Playwriting

The Power of Character and Melody

Craig is foraying into his other life this week, performing in a mini tour of the musical Jasper Station (book/lyrics by Norm Foster, music/lyrics by Steve Thomas). It’s a joyous romp with great characters, zingy one liners and wonderfully melodic music. Craig was in the original production seven years ago and has visited his character (Sterling Mimms, isn’t that a name?) a few times. We figured out today that over the years I’ve seen the show NINE times. It’s by far the most times I’ve ever seen any play or musical, or movie or anything. Now, granted I’ve got a vested interest. I love seeing Craig perform and the character he plays is amazing. He’s great! But wow. NINE times.

It’s been extremely interesting to reminisce through past productions. I have vivid memories of all the actors I’ve seen in the various roles (and there have been many!) I love some, wonder at others. Think I’ve seen the definitive performance, and the next breaks the mold. Every one of them had a different take a different spin on the material.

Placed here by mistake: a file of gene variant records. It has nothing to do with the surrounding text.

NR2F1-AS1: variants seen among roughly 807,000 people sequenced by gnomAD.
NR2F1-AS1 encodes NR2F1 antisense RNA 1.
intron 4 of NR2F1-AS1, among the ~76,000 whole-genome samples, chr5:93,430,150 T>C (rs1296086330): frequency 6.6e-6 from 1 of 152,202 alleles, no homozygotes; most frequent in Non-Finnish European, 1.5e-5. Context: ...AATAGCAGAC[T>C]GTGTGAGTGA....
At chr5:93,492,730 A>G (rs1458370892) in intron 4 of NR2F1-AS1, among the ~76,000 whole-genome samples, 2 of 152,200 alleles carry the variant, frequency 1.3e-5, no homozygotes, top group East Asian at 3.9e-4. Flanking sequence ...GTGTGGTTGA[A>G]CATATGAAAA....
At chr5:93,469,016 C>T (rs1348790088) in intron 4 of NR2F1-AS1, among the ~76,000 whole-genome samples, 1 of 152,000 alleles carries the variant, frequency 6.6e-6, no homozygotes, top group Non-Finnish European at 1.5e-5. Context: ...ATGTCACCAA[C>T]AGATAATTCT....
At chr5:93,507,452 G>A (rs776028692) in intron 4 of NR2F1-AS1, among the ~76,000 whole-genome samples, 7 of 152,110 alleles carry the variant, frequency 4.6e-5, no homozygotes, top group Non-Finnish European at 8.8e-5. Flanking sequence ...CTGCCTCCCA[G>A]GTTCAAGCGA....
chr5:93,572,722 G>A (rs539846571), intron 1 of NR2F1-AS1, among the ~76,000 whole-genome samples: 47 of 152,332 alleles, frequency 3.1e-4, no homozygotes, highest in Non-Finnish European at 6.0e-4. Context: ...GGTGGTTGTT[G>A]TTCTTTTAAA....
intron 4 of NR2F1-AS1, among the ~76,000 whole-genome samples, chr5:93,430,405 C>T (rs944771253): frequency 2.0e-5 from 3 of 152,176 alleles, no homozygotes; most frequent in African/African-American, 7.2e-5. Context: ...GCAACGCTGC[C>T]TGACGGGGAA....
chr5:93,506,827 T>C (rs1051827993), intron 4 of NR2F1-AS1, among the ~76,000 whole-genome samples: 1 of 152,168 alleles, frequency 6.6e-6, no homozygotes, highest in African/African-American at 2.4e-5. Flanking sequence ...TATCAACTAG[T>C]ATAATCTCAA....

Which is a perfect moment to talk about characters. My playwriting mantra is that well written characters are the backbone of any good play. Any memorable play. Any play that stands the test of time.

A well written character will allow a actor to flex and create. A good actor will not look to change the material or reject the material (I despise actors who say ‘my character wouldn’t do that’) they will strive to breathe life into what’s on the page. There’s a lot of creative leeway in breathing…..

So last night I’m sitting in the audience watching the opening night performance, thinking about how I’ve now seen this show NINE times and I’m thoroughly enjoying it. And the main reason for this is because of the characters. This time around I saw an actress I’ve never seen perform one of the roles, an actor I’ve seen many times, an actor I haven’t seen in their role since the original. And it doesn’t matter. The material supports whoever is playing the part. The tone may change, the costumes choices, the line inflections, but all that means is that the way the character is written allows for a lot of breathing room. A lot of play. And isn’t that what all actors want? To play.

I know that Jasper Station was on my mind when I started my journey with Shout. I haven’t been the biggest fan of the changes in the modern musical. I find them unmelodic and less than subtle. The music in Jasper Station is a horn o’ plenty of melody! The music is also extremely character driven. That’s the key. The songs come from somewhere and they show the characters in action. I knew this is something I wanted to achieve.

Jasper Station isn’t my favourite musical. (that’s what happens when you see something NINE times….) but it’ll always have a strong place in my heart. And as I sit here I’m humming the songs, thinking about Craig who’s on stage RIGHT NOW!!! Break a leg, Craig!

About the author

Lindsay Price